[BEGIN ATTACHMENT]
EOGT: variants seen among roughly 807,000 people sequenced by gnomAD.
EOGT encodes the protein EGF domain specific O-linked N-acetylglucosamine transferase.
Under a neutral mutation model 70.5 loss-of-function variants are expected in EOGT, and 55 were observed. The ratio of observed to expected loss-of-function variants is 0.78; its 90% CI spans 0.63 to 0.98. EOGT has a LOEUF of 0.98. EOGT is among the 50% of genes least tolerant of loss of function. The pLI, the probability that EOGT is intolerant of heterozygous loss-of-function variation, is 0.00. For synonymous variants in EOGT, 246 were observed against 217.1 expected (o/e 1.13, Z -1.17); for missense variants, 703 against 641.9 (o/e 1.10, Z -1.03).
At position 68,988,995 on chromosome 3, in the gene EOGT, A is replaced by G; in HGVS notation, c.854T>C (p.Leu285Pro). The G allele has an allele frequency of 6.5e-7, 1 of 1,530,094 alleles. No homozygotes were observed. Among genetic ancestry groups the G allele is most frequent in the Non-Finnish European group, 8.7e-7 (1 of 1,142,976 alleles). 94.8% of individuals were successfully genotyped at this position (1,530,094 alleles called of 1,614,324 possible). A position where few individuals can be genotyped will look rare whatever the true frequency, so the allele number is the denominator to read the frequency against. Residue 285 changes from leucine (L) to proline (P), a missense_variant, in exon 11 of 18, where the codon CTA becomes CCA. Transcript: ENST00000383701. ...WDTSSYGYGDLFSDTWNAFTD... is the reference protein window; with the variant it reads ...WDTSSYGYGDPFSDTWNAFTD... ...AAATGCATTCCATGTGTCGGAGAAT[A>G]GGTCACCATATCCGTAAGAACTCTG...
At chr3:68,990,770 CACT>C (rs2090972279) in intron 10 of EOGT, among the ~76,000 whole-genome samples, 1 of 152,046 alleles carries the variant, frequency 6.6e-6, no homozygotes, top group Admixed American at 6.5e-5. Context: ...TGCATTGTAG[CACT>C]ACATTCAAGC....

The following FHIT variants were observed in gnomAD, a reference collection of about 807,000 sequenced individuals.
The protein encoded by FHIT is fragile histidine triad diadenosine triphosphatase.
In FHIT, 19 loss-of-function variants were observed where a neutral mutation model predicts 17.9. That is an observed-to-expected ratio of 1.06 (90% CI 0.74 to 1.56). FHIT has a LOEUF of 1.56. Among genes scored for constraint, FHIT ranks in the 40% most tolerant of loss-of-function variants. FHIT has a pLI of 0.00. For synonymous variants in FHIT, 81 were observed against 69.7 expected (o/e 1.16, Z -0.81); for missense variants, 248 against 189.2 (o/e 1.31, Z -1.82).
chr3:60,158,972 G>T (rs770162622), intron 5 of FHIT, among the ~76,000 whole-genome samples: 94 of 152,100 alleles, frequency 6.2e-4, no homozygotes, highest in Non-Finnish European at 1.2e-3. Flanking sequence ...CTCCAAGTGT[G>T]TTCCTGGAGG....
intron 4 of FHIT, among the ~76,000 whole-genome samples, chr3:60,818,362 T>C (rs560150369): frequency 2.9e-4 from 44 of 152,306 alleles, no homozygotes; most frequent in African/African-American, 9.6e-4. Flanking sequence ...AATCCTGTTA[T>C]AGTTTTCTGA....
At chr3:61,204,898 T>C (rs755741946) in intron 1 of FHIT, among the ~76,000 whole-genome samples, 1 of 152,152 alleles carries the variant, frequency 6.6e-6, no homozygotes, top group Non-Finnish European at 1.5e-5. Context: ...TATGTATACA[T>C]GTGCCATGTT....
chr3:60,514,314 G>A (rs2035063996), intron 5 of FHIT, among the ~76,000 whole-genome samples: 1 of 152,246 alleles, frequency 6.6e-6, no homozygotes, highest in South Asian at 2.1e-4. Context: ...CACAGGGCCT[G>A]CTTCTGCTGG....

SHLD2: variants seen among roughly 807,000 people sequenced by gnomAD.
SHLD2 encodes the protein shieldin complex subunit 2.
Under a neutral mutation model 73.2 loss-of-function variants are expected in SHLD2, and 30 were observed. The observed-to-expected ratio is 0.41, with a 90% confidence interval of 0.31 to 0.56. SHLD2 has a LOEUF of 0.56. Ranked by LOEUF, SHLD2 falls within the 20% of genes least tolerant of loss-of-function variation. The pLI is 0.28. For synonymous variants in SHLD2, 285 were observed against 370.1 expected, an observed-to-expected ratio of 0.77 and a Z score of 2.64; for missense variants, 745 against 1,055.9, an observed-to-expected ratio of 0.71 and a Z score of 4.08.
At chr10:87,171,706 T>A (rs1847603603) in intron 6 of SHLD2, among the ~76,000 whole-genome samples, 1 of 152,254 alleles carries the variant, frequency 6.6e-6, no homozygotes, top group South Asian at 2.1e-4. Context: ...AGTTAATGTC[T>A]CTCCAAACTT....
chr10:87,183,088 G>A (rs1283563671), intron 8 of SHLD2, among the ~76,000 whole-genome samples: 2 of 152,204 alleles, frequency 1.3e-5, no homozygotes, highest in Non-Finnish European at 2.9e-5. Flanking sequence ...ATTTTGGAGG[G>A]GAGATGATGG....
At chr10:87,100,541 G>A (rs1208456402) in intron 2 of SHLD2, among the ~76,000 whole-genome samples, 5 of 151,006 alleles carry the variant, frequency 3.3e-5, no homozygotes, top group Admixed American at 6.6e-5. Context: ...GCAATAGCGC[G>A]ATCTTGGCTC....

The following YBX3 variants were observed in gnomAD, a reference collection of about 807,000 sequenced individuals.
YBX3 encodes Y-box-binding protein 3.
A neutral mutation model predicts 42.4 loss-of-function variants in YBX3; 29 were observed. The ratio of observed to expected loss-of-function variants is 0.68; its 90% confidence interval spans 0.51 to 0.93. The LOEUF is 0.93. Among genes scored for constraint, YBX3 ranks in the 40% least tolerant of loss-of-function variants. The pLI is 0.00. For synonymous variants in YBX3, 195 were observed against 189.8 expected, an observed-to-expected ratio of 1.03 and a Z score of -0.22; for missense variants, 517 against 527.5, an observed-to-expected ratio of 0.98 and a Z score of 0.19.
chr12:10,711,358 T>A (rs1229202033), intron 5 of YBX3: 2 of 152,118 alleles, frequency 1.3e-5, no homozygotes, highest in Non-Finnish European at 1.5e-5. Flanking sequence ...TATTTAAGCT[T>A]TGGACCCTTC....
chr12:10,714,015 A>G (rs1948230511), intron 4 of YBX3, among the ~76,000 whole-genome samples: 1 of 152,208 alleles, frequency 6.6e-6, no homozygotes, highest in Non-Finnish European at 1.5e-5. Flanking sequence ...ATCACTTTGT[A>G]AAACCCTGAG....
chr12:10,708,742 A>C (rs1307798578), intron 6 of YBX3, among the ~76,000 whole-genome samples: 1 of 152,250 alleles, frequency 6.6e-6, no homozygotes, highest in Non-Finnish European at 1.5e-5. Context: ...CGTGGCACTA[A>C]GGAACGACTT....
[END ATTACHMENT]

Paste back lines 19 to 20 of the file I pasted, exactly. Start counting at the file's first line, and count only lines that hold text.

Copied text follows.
The following YBX3 variants were observed in gnomAD, a reference collection of about 807,000 sequenced individuals.
YBX3 encodes Y-box-binding protein 3.